Markets & Stocks
    SAVE   |   EMAIL   |   PRINT   |   RSS  
Oil prices primed to climb: analysts
More than just speculation is driving record-high crude; it's old-fashioned supply, demand.
July 27, 2005: 11:04 AM EDT
By Grace Wong, CNN/Money staff writer

NEW YORK (CNN/Money) - Is it time to close the book on the speculation theory of crude oil prices?

As oil settles in near $60 a barrel, some analysts say it's time to dispel the notion that heavy trading is the culprit behind record-high prices. Rather than poised for a spectacular crash, oil could keep climbing, they say.

Light, sweet crude for September delivery closed Tuesday at $59.20 a barrel, just a few dollars off the record high for a front-month contract of $61.28, set July 6.

Last September, Federal Reserve Chairman Alan Greenspan said in testimony to the House Budget Committee that speculators taking larger bets on crude oil futures were one possible reason for higher oil prices.

That triggered fears that prices no longer reflect supply and demand but instead are being propped up by speculative buying. Oil's stunning rally since then, coupled with high volume trading on futures markets, has only fueled those concerns.

Show me the hot money

Any investment is at least partly speculative -- you buy a stock because you think its price is going to go up. But speculating on a large scale can disrupt markets as inflows of "hot money" artificially drive up prices.

"There is new money coming into [oil trading] in the number of open-interest contracts, but this is not necessarily a sign of speculation," said Jan Stuart, an oil analyst at Fimat USA.

Open interest refers to the number of contracts that are bought and sold each trading session and is used to measure the flow of money into the futures market.

"It's simply new money, not hot money," Stuart said, adding that some of these investments are there for the long haul.

But some analysts said there's still a lot of betting going on, and that's throwing prices out of whack against the fundamentals of supply and demand.

"A significant part of demand right now is based on speculation that something is going to happen in the future or near future to make supplies much more scarce," said Michael Darda, chief economist at MKM Partners.

That uncertainty is driving institutional players like trading companies that buy for countries, as well as large corporations, to place bets on the future direction of oil in order to manage the risk of a price change -- a practice also known as hedging.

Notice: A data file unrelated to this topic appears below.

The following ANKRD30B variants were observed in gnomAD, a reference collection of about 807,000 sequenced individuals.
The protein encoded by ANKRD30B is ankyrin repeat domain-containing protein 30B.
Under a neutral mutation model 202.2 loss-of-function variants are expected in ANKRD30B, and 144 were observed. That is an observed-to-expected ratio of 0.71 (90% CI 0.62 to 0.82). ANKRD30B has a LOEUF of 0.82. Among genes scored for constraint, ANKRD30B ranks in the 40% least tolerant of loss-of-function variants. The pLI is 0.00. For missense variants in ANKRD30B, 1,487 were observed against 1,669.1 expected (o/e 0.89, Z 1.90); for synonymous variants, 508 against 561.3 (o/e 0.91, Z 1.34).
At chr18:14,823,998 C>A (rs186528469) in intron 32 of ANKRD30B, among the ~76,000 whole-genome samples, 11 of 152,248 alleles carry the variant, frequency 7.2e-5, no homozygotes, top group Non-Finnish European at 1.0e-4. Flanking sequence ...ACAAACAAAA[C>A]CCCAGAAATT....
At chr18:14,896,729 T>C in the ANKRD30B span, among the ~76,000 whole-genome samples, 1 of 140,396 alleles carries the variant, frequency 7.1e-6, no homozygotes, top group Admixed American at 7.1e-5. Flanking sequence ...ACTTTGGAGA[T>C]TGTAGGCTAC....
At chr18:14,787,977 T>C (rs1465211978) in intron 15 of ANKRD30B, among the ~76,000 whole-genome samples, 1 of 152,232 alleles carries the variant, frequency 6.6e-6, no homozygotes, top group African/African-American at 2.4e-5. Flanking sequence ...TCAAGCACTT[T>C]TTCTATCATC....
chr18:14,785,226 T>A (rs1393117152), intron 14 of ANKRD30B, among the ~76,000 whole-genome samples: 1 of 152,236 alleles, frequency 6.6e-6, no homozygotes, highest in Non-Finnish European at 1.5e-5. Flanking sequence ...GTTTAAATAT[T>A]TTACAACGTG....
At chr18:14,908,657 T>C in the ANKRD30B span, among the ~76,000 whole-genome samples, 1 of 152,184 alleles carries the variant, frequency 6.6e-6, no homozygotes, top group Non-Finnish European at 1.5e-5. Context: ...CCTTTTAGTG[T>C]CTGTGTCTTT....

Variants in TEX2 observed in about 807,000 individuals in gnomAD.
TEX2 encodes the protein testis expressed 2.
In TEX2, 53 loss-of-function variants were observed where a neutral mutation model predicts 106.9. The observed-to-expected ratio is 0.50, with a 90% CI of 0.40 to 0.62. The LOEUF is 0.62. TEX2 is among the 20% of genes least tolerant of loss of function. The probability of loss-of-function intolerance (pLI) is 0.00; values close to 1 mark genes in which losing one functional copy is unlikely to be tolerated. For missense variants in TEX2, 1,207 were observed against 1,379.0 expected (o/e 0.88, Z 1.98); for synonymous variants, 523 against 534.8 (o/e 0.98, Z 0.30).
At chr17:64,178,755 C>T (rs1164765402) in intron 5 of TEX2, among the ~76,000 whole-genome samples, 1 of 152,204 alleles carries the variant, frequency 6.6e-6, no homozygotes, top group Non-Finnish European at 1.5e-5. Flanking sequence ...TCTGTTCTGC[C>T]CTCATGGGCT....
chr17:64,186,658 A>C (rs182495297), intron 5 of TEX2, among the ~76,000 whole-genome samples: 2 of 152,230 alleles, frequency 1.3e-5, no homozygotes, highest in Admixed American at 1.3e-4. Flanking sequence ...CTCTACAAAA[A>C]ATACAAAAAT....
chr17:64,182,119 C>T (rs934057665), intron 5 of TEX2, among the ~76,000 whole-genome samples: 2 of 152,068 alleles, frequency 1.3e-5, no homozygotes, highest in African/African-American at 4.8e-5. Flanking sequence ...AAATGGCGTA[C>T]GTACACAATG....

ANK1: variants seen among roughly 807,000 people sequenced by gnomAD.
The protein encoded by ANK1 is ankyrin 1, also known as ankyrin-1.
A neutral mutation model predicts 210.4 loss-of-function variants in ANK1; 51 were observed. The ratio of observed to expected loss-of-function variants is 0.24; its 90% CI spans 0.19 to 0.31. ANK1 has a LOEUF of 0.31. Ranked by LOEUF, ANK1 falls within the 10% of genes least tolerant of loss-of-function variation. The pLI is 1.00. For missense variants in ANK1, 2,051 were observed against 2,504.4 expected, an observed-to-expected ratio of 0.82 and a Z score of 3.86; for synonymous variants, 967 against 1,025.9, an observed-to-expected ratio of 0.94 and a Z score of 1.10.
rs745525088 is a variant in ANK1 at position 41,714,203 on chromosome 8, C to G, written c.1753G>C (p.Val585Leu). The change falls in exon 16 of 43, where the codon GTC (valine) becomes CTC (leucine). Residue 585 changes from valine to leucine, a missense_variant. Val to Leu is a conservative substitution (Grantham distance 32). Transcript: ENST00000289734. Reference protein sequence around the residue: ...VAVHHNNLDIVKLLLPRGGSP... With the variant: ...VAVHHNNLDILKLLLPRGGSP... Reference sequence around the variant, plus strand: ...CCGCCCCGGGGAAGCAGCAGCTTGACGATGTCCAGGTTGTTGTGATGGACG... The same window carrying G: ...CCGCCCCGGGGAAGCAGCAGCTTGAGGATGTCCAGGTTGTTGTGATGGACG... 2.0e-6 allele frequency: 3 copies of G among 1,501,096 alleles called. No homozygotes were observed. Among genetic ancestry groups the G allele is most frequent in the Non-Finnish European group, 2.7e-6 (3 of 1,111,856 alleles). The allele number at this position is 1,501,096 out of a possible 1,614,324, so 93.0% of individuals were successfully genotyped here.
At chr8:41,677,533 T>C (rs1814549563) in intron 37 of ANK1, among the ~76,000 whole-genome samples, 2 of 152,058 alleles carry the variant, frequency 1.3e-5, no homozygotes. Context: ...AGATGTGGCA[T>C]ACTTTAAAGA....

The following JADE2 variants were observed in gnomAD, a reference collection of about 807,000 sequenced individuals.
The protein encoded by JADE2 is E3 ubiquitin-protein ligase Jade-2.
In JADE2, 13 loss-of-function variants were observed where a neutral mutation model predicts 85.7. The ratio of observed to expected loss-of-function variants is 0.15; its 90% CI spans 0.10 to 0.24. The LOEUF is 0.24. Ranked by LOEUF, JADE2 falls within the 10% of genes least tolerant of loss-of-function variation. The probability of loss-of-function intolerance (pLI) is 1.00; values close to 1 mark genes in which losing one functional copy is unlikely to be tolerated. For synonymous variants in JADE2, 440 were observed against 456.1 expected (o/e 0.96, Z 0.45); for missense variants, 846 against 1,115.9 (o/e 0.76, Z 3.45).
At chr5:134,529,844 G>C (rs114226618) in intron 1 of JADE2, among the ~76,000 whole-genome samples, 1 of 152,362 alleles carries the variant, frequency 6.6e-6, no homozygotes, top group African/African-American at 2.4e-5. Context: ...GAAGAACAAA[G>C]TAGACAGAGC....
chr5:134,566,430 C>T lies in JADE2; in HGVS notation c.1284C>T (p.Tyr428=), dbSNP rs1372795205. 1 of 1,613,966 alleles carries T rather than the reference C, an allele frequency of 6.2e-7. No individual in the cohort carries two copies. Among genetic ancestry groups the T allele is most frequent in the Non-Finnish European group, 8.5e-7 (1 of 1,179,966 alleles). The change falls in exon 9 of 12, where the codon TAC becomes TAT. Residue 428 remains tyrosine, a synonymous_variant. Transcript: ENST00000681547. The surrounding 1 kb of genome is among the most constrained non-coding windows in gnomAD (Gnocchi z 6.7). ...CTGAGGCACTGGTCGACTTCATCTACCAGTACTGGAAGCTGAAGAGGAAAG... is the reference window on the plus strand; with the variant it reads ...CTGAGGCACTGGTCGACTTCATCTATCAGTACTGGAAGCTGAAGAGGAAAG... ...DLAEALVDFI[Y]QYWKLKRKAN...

Southwest Airlines (Research), for example, gained a significant price advantage against its rivals by locking in long-term fuel contracts at less than half of current spot-market prices.

As these players hedge ahead of the oil curve, they put a lot more pressure on the market and bid up prices, said Charles Gradante, managing principal of Hennessee Group, a hedge fund investing consultancy.

Demand-driven oil toil

But unlike profit-seeking speculators who enter and exit the market in seek of a quick return, these large hedgers are mainly businesses that actually take delivery of oil, Gradante said.

That's important because it points to an intrinsic demand force driving oil.

Peter Linder, an analyst at energy hedge fund DeltaOne Capital, said speculation about the future plays a role in the volatility of oil prices. But it's market fundamentals -- bottlenecks in refining capacity, increasing demand from China, as well as terror threats -- that are sustaining oil's high price.

Furthermore, buyers are taking delivery of oil as fast as suppliers produce it. That makes it difficult to make a case for a speculative surge, said Richard Anderson, economist and vice president of the research division of the Federal Reserve Bank of St. Louis.

While analysts agree that surging demand has changed the dynamics of world oil markets, they're split over how much higher prices can afford to rise.

MKM's Darda -- who thinks prices are frothy and should be around $40 a barrel instead of around $60 -- said prices are unable to sustain their current high levels.

Eventually they will reach a point where producers have an incentive to bring more supply online, and that will help prices fall more in line with market fundamentals, he said.

But Fimat USA's Stuart doesn't see that happening anytime soon.

"In the short term, there are going to be ups and downs, but over time the drivers of rising demand and tighter supplies are staying in place," he said. "I don't see why the rally should end or price collapse."

And with most oil companies continuing to post exceptionally strong gains this year, that will be good news for the likes of Exxon Mobil (Research), ChevronTexaco (Research) and ConocoPhilips (Research).


Where's all that oil money going? Click here.

Feeling gas pains? Click here for CNN/Money's special report -- "Oil Crunch 2005."

Is Texas Tea the new tech? Click here.

Click here for the latest oil prices.  Top of page


Oil and Gas
Manage alerts | What is this?